The government has approved 25.9 billion crowns for research, development and innovation next year. The same amount, which comes from the state budget, was also approved for the 2014 and 2015. The decision means a cut of roughly 700 million from 2012 that the Academy of Sciences has criticised, saying it will entail additional cuts of 300 million for its activities from year to year. The government says that the plan is in accordance with its long-term work to retain from cutting science funding in spite of budget restrictions in other areas.
Energy giant ČEZ has reached a settlement with the European Commission, which is investigating the company on suspicion of stifling competition. A ČEZ spokesman announced Tuesday that the company has agreed to sell one of five coal power plants. The EC began investigating the power company in July 2011 over suspicions that it was restricting competition on the wholesale electricity market and hoarding capacity in the transmission network so as to prevent a rival company from entering the market. If Brussels found ČEZ guilty, the Czech company may have received a fine in the order of tens of billions of crowns or could have been forced to sell a part of its assets.
The government has approved a proposal to cancel mandatory consent of both parents for the medical treatment of children. The Senate sent the proposal to the lower house last Friday with a request that it be fast-tracked. Consent from both parents was introduced in the health services reform package and has come under criticism for causing problems both in families and in health care facilities, with many saying the practice is impossible to carry out in many cases and only leads to signatures being forged. The new legislation would allow the child’s own consent to suffice. If a doctor deems that the child is not mature enough to make the decision, the consent of one parent plus a grandparent or nanny will suffice.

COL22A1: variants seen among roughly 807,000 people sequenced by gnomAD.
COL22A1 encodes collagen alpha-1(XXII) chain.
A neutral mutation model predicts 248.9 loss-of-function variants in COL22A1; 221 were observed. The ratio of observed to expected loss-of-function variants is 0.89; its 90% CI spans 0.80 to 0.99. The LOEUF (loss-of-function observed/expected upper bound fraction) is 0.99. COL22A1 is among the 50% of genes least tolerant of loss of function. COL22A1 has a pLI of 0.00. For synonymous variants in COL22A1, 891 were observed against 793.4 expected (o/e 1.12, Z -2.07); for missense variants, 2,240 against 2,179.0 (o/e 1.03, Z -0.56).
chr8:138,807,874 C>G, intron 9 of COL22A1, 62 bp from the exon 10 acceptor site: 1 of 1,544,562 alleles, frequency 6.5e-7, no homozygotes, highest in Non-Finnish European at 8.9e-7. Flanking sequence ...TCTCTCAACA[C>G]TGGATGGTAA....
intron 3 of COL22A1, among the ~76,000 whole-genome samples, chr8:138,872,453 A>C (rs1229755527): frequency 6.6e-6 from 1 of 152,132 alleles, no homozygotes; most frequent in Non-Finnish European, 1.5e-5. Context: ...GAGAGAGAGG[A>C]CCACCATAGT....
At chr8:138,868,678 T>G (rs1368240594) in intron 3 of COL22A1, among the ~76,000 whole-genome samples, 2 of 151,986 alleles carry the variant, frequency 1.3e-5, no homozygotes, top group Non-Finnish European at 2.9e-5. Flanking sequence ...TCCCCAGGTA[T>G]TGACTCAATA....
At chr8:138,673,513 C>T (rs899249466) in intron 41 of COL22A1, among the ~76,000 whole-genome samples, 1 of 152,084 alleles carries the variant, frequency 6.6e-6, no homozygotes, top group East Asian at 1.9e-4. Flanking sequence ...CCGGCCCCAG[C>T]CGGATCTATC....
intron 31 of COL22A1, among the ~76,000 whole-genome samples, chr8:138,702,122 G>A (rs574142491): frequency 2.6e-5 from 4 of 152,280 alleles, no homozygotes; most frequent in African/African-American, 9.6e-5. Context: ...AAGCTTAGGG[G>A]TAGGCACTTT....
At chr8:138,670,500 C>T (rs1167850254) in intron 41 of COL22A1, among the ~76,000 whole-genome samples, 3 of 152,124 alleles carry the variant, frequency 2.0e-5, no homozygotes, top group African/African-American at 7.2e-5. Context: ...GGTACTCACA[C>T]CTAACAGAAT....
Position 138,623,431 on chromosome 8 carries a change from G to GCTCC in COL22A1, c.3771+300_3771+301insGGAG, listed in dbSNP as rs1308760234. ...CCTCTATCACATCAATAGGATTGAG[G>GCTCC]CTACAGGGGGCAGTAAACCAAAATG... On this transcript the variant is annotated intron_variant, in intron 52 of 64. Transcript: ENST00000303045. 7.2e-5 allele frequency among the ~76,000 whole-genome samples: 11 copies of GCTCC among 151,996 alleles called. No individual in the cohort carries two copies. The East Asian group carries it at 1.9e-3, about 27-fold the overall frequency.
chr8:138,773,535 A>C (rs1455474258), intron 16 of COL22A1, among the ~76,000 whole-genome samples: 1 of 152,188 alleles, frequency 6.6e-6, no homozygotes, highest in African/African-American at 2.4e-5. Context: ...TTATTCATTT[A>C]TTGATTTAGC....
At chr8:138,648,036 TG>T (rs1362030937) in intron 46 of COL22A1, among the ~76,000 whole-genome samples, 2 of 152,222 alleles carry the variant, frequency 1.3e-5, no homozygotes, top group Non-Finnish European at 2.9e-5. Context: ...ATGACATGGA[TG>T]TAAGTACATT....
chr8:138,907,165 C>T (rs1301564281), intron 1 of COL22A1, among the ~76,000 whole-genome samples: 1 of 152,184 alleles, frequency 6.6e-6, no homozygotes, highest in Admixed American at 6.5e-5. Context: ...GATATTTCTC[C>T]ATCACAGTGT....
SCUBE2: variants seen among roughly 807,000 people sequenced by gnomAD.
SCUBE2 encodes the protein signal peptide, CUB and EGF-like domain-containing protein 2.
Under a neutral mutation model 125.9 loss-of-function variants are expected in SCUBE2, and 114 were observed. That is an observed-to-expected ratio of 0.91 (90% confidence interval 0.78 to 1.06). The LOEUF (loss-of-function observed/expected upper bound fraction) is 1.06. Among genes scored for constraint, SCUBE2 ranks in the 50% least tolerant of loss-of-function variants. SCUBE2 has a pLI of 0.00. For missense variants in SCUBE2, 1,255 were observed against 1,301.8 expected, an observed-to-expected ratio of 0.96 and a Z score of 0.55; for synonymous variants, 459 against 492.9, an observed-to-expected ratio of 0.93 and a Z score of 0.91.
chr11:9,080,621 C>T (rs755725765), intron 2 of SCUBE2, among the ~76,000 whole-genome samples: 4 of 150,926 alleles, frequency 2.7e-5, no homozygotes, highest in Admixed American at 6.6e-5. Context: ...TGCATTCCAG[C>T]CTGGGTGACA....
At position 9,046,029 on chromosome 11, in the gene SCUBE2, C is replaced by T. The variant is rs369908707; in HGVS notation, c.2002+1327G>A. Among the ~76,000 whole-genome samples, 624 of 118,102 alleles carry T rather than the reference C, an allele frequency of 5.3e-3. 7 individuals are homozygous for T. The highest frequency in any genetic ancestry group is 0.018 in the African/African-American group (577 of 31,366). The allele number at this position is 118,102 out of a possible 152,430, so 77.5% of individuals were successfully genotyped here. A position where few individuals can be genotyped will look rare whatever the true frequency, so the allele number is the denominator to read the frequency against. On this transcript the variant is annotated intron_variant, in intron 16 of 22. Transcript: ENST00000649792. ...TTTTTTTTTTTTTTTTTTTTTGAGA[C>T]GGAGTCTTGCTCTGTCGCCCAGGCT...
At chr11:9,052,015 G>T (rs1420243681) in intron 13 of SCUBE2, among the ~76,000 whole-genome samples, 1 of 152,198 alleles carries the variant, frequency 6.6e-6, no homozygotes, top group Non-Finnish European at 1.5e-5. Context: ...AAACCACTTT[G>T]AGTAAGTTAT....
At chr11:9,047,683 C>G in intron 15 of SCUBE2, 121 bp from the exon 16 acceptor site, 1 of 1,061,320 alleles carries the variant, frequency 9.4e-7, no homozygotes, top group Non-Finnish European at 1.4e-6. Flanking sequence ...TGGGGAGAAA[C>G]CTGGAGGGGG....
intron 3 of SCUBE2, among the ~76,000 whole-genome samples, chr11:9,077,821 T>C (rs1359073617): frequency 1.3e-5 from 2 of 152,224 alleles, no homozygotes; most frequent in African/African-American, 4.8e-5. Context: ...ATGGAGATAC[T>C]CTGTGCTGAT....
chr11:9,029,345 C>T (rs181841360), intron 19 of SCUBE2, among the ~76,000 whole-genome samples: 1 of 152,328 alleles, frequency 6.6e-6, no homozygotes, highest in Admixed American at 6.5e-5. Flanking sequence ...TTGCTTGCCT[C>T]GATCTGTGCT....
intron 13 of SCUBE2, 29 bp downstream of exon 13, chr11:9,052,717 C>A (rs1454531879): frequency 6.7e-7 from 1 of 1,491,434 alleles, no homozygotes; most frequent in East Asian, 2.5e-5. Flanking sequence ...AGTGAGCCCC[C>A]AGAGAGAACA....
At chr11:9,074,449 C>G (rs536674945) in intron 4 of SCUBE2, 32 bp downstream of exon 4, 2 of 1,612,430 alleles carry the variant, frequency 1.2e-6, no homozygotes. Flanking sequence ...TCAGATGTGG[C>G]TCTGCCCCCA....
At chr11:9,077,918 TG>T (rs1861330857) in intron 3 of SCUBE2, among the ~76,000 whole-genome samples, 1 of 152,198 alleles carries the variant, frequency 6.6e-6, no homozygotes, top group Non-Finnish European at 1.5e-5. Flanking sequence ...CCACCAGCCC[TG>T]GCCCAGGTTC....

The nuclear power plant of Dukovany has completed a project to raise its output from 1,760 MW to 2,000 MW. A plant spokesman told the Czech Press Agency that the EDU+ project had included the replacement and modernisation of eight turbine sets, generators and transformers and a rise in output among all four nuclear reactors. Dukovany has thus reached the same output level as the Temelin nuclear power plant in Southern Bohemia. The older of the two Czech nuclear power plants, Dukovany was the biggest domestic power producer last year, as in previous years. Its production rose by 1.3% year-on-year to 14,369 TWh, which was the second best performance in the plant´s nearly 27-year-old history.
As of Wednesday children will have to have their own identity papers when travelling abroad. The papers may consist of a passport or ‘child’s ID’, which can replace a passport within the EU. Until now, parents have been able to have their children registered in their own ID papers. As of the beginning of next year, children’s documents will also have to include biometric data that will be valid for five years. The changes are required by European Union directives.
New foreigners’ law to change conditions for non-EU nationals
Czech rock climber Adam Ondra knocked out of World Cup in Japan
Czech foreign ministry reports record number of visa applications
New index shows locations with best quality of life in Czech Republic
Archaeologists unearth rare Renaissance-Baroque brew house in ‘Czech Paradise’